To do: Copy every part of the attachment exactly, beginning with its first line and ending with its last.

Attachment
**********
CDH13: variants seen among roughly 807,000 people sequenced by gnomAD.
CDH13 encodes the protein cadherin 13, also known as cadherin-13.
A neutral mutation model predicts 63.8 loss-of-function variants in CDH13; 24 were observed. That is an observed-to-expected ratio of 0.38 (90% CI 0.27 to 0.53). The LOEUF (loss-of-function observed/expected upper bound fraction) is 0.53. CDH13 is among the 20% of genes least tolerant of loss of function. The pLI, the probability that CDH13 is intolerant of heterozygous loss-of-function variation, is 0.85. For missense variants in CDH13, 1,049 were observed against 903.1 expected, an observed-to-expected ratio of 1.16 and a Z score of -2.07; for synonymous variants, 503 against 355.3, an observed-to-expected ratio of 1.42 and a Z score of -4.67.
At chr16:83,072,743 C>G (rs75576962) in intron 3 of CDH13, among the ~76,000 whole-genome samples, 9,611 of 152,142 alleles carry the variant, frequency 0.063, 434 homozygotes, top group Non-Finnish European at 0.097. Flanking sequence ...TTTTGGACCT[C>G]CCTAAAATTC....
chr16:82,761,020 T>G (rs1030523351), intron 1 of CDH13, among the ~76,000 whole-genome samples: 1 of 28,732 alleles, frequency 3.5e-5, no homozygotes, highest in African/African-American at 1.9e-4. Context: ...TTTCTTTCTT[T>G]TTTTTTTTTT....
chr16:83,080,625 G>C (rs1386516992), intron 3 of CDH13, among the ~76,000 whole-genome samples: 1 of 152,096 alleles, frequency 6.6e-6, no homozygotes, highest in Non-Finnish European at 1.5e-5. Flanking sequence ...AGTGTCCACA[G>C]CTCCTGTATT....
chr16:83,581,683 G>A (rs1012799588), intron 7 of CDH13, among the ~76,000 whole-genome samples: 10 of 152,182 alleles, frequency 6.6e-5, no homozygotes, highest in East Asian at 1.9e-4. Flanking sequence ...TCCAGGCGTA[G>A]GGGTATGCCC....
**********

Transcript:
CDH13: variants seen among roughly 807,000 people sequenced by gnomAD.
CDH13 encodes the protein cadherin 13, also known as cadherin-13.
A neutral mutation model predicts 63.8 loss-of-function variants in CDH13; 24 were observed. That is an observed-to-expected ratio of 0.38 (90% CI 0.27 to 0.53). The LOEUF (loss-of-function observed/expected upper bound fraction) is 0.53. CDH13 is among the 20% of genes least tolerant of loss of function. The pLI, the probability that CDH13 is intolerant of heterozygous loss-of-function variation, is 0.85. For missense variants in CDH13, 1,049 were observed against 903.1 expected, an observed-to-expected ratio of 1.16 and a Z score of -2.07; for synonymous variants, 503 against 355.3, an observed-to-expected ratio of 1.42 and a Z score of -4.67.
At chr16:83,072,743 C>G (rs75576962) in intron 3 of CDH13, among the ~76,000 whole-genome samples, 9,611 of 152,142 alleles carry the variant, frequency 0.063, 434 homozygotes, top group Non-Finnish European at 0.097. Flanking sequence ...TTTTGGACCT[C>G]CCTAAAATTC....
chr16:82,761,020 T>G (rs1030523351), intron 1 of CDH13, among the ~76,000 whole-genome samples: 1 of 28,732 alleles, frequency 3.5e-5, no homozygotes, highest in African/African-American at 1.9e-4. Context: ...TTTCTTTCTT[T>G]TTTTTTTTTT....
chr16:83,080,625 G>C (rs1386516992), intron 3 of CDH13, among the ~76,000 whole-genome samples: 1 of 152,096 alleles, frequency 6.6e-6, no homozygotes, highest in Non-Finnish European at 1.5e-5. Flanking sequence ...AGTGTCCACA[G>C]CTCCTGTATT....
chr16:83,581,683 G>A (rs1012799588), intron 7 of CDH13, among the ~76,000 whole-genome samples: 10 of 152,182 alleles, frequency 6.6e-5, no homozygotes, highest in East Asian at 1.9e-4. Flanking sequence ...TCCAGGCGTA[G>A]GGGTATGCCC....